IT must be the French attitude towards life because it seems every few months we get a new Citroen joining the family.
The newest arrival in the C3 range is the Aircross compact SUV but it could become an important member as this model series runs to over a dozen versions based on three trim levels, manual or sequential automatic transmission and 82-130hp diesel or petrol engines costing between £14,000 and £19,810.
Its highly personalised trim and equipment can be added to with special paint and options to make each one stand out.
The most popular version is the model we tested with the core 1.2-litre triple-cylinder petrol engine in mid-range Feel trim including 16-inch wheels, leather steering wheel, LED lights and turning beams, mobile compatibility with touchscreen, tinted windows and powered mirrors.
This model was fitted with £2,920 of options including a massive sunroof, navigation, city pack and personalised metallic paint options and details.
The engine has earned a reputation for good performance in terms of power output, flexibility and economy, allied with a generally quiet nature.
In the C3 Aircross Feel it was matched with the standard five-speed manual gearbox and while this was good for urban traffic and most journeys the lack of a sixth gear at times was frustrating and must have affected overall fuel economy.
It nudged 40mpg but I think an additional gear would push it closer to 50mpg if there was a lot of motorway or main road driving in your regular routine.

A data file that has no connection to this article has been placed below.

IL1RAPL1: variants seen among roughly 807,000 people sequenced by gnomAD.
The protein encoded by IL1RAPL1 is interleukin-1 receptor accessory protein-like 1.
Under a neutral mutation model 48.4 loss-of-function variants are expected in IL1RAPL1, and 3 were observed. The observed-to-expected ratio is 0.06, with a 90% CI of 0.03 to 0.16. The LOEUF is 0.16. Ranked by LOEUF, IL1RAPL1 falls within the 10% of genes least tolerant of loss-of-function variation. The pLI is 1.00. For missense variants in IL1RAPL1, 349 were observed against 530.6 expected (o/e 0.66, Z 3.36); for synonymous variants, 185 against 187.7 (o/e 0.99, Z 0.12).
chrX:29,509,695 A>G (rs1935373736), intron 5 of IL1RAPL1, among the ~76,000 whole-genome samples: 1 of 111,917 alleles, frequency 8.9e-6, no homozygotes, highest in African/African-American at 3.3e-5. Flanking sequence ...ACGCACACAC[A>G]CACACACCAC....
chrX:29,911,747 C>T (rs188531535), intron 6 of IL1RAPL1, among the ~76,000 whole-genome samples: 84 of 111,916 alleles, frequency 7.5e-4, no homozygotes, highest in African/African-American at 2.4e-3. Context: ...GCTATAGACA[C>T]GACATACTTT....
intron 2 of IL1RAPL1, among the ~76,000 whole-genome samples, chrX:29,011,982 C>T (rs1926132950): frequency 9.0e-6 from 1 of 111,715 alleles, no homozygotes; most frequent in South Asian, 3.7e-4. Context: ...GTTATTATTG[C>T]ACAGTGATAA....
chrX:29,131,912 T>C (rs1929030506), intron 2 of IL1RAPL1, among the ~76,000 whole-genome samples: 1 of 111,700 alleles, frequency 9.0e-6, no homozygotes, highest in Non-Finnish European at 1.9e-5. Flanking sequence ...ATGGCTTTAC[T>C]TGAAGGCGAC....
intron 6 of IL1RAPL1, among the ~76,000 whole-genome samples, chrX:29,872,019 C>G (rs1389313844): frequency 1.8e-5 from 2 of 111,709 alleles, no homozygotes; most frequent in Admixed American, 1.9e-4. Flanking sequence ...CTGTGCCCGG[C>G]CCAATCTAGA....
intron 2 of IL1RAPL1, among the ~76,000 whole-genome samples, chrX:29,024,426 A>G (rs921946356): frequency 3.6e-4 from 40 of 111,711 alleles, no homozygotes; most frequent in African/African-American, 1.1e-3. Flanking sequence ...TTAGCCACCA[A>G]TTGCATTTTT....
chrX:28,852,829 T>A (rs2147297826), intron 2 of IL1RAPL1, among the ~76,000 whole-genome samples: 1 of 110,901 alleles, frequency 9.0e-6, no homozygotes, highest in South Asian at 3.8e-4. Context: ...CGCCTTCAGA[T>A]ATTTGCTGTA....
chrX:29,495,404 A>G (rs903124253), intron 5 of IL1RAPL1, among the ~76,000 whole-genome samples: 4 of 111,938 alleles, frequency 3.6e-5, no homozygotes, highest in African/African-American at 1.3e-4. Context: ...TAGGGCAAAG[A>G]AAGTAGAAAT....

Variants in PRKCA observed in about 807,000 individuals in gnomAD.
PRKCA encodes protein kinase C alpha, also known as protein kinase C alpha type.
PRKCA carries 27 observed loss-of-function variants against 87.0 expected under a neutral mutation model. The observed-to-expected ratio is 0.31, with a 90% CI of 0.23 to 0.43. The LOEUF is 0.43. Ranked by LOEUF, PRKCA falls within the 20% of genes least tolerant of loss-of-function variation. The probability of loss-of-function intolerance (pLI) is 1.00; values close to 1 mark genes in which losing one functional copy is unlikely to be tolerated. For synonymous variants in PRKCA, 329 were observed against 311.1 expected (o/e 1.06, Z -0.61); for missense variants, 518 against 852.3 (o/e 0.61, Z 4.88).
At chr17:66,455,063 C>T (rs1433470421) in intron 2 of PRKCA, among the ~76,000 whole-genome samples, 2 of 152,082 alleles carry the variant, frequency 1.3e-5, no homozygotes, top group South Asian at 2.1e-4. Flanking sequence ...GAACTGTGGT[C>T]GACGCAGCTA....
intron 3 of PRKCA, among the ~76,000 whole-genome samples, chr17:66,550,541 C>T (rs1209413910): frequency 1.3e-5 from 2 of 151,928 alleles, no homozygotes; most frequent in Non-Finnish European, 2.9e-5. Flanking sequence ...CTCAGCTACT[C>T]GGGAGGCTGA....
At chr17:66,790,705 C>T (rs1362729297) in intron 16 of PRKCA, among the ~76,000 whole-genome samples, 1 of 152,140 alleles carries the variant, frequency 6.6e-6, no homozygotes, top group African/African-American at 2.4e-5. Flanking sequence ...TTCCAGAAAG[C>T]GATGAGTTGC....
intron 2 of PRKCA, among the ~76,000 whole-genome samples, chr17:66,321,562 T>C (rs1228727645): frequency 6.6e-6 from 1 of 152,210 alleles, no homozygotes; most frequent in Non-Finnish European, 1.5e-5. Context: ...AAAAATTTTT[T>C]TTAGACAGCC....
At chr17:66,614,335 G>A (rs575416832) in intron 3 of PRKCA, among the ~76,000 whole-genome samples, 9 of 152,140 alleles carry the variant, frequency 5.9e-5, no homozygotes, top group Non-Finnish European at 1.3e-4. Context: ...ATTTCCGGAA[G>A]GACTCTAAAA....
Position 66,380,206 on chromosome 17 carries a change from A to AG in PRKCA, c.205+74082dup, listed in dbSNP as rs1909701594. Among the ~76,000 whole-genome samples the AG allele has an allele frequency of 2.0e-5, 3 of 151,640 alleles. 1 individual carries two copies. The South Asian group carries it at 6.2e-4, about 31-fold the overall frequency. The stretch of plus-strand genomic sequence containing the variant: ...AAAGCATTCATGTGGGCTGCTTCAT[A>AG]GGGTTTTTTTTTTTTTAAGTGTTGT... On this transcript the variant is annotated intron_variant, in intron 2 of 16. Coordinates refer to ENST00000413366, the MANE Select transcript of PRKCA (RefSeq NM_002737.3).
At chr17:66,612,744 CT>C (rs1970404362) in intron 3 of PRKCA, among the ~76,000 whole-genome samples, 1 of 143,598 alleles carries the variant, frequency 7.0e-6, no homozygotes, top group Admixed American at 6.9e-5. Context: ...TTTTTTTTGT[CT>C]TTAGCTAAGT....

When it was extended, particularly with four aboard, the engine noise through the intermediate gears was intrusive and overcame the constant road rumbles and bump-thump noises from the wheels and suspension.
The fact it actually rode very well over bad surfaces was testament to its engineering and small wheels and despite a tendency to roll on tighter turns, the C3 Aircross actually felt surefooted and comfortable nearly all the time.
Handling was a bit stodgy but it's not a sporting model after all, and what it lacked in sharpness it compensated with ease of manoeuvring, particularly when parking.
The lack of sensors was surprising in a family car expected to spend a lot of time in urban situations but the good visibility from the low waist, big windows, powerful lights with "around the corner" illumination, and big wipers meant you could confidently place it anywhere, The city pack is a good investment for parking.
Major and minor controls worked well without any effort, the brakes were very powerful but needed only light pressure underfoot, clutch was long travel but smooth and the switches and stalks were sensibly placed and the usual instruments were big and clear to read.
The central touchscreen performs many tasks and using features can be distracting, particularly in traffic, but the display is seven-inches and very clear.
Heating and ventilation worked well throughout the cabin and the amount of oddments space was excellent whether infront or the back.
Boot space was a useful volume even when the back seats were taken and it's worth mentioning here that the back seats had two tilt adjustable positions and were split 60/40 to maximise practicality and comfort.
Access throughout was very good and the seats extremely well padded, had good adjustment and support for a longer journey, helped by adjacent 12v points for mobile equipment. It is clear a lot of good thought and execution has gone into the C3 Aircross.
It was a willing and eager performer and one-up the speed quickly built to keep up with busy traffic, it was effortless in traffic and particularly relaxing on quieter country roads. The overall fuel figure was achieved without compromising overtaking ability with modest power underfoot.